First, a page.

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Geographic coordinates of republic of kosovo

GPS coordinates

Country republic of kosovo
Geometry Type Point
latitude 42.666667
longitude 21.166667
DMS Lat 42° 40' 0.001" N
DMS Long 21° 10' 0.001" E
CSS Lat 42° 40' 0.001"
CSS Long 1h 24m 40s
UTM Easting 513,657.96
UTM Northing 4,723,813.28
UTM zone 34T
Category Countries
Country Code XK
Zoom Level 9
Coordinates of republic of kosovo is given above in both decimal degrees and DMS (degrees, minutes and seconds) format. The country code given is in the ISO2 format

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republic of kosovo Infomation statics

capital Pristina
region Europe
subregion Eastern Europe
demonym Kosovar
population 1,733,842
native Name Republika e Kosovës
Flag

Latitude and longitude coordinates are: 42.666667, 21.166667.

Kosovo (; Albanian: Kosova or Kosovë, pronounced [kɔˈsɔva] or [kɔˈsɔvə]; Serbian Cyrillic: Косово, pronounced [kôsoʋo]), officially the Republic of Kosovo (Albanian: Republika e Kosovës; Serbian: Република Косово/ Republika Kosovo), is partially-recognised state and disputed territory in Southeastern Europe. On 17 February 2008, Kosovo unilaterally declared its independence from Serbia. It has since gained diplomatic recognition as a sovereign state by 101 states.
Geographically defined in an area of 10,887 km2 (4,203 sq mi), Kosovo is landlocked in the center of the Balkans and bordered by the uncontested territory of Serbia to the north and east, North Macedonia to the southeast, Albania to the southwest and Montenegro to the west. It possesses remarkable varied and diverse landscapes for its size by climate along with geology and hydrology. Most of central Kosovo is dominated by the vast plains and fields of Metohija and Kosovo. The rugged Prokletije and Šar Mountains rise in the southwest and southeast, respectively.
Archaeological research has shown that the earliest known settlements in the territory of present-day Kosovo were linked to the Neolithic Starčevo culture and the material culture groupins which succeeded it. The Bronze Age was marked by the arrival of Indo-European tribes and the appearance of tumuli, a typical feature of Indo-European material culture, in existing and new sites. In classical antiquity, the central tribe which emerged in the territory of Kosovo was that of the Dardani who formed an independent polity known as the Kingdom of Dardania in the 4th century BCE. Dardania was annexed by the Roman Empire by the 1st century BCE and was later part of the provinces of Praevalitana and Dardania. Kosovo remained part of the eastern Roman Empire for over a thousand years. Byzantine administration was eroded by Slavic invasions beginning in the 6th-7th century AD. In the centuries thereafter control of the area alternated between the Byzantines and the First Bulgarian Empire. By the 13th century, Kosovo became part of medieval Serbia. The Battle of Kosovo of 1389 is considered to be one of the defining moments in Serbian medieval history. The region was the core of the Serbian medieval state, which has also been the seat of the Serbian Orthodox Church from the 14th century, when its status was upgraded to a patriarchate. The fall of the Serbian Empire in the late 14th century saw a quick succession of regional rulers until the 15th century when it became part of the Ottoman Empire until the early 20th century.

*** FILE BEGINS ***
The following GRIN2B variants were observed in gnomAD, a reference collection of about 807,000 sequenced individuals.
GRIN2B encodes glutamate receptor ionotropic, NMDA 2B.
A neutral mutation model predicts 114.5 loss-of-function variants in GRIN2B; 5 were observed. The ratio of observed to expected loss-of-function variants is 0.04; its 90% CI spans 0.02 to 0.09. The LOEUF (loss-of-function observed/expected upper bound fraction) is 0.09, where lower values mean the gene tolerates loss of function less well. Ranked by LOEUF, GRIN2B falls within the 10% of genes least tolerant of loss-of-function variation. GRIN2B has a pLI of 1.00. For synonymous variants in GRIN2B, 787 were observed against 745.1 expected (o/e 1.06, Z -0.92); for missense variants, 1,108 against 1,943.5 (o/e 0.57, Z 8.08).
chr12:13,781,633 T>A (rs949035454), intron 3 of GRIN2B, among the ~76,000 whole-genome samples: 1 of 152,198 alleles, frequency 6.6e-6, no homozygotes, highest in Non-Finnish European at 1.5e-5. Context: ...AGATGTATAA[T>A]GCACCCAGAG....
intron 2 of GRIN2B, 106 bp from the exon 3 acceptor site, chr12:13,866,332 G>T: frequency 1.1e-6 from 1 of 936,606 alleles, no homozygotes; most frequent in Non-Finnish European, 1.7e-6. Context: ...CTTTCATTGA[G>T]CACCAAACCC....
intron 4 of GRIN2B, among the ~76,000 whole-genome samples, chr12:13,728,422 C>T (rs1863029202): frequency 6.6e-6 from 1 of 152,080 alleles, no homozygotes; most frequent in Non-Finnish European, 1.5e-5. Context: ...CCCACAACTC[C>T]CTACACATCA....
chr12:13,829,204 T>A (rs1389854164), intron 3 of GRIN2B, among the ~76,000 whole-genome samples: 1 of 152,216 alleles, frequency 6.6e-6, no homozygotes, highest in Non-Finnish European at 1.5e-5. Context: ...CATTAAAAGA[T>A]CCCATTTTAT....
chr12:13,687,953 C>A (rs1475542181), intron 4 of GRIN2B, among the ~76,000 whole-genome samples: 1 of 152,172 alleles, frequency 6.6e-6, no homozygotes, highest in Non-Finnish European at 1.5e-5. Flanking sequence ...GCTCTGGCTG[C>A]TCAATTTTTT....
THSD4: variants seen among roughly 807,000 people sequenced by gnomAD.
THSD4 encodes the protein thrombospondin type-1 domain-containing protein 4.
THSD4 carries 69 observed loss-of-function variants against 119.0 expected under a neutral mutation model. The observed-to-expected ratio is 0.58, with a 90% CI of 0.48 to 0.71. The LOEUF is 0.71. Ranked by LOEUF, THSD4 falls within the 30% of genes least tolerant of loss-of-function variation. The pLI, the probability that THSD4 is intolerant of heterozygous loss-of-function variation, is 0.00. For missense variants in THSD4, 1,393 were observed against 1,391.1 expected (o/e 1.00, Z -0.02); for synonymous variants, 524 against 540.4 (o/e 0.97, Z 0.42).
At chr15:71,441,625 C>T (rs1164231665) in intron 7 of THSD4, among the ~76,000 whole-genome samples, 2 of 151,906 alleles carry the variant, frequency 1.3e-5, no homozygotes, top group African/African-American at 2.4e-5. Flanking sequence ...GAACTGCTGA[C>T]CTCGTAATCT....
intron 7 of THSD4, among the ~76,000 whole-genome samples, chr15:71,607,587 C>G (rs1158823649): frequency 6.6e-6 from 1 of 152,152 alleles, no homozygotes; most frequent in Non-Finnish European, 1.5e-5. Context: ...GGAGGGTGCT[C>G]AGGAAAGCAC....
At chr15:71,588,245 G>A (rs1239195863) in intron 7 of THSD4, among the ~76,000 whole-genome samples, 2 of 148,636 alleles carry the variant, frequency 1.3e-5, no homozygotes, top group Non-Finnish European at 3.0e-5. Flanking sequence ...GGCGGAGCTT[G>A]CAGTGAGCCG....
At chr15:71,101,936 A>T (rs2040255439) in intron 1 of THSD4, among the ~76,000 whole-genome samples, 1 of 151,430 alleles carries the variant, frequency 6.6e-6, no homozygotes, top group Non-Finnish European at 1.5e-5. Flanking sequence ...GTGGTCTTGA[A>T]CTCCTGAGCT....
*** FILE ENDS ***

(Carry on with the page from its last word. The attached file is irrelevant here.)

In the late 19th century, it was the centre of the Albanian National Awakening. Following their defeat in the Balkan Wars, the Ottomans ceded Kosovo to Serbia and Montenegro. Both countries joined Yugoslavia after World War I, and following a period of Yugoslav unitarianism in the Kingdom, the post-World War II Yugoslav constitution established the Autonomous Province of Kosovo and Metohija within the Yugoslav constituent republic of Serbia. Tensions between Kosovo's Albanian and Serb communities simmered through the 20th century and occasionally erupted into major violence, culminating in the Kosovo War of 1998 and 1999, which resulted in the withdrawal of the Yugoslav army, the establishment of the United Nations Interim Administration Mission in Kosovo and the declaration of independence in 2008. Serbia does not recognize Kosovo as a sovereign state, although with the 2013 Brussels Agreement, it has accepted its state institutions. While Serbia recognises administration of the territory by Kosovo's elected government, it continues to claim it as the Autonomous Province of Kosovo and Metohija.Kosovo has an upper-middle-income economy. It has experienced solid economic growth over the last decade by international financial institutions, and growth every year since the onset of the financial crisis of 2007–2008. Kosovo is a member of the International Monetary Fund, World Bank, and has applied for membership of Interpol and for observer status in the Organization of the Islamic Cooperation.

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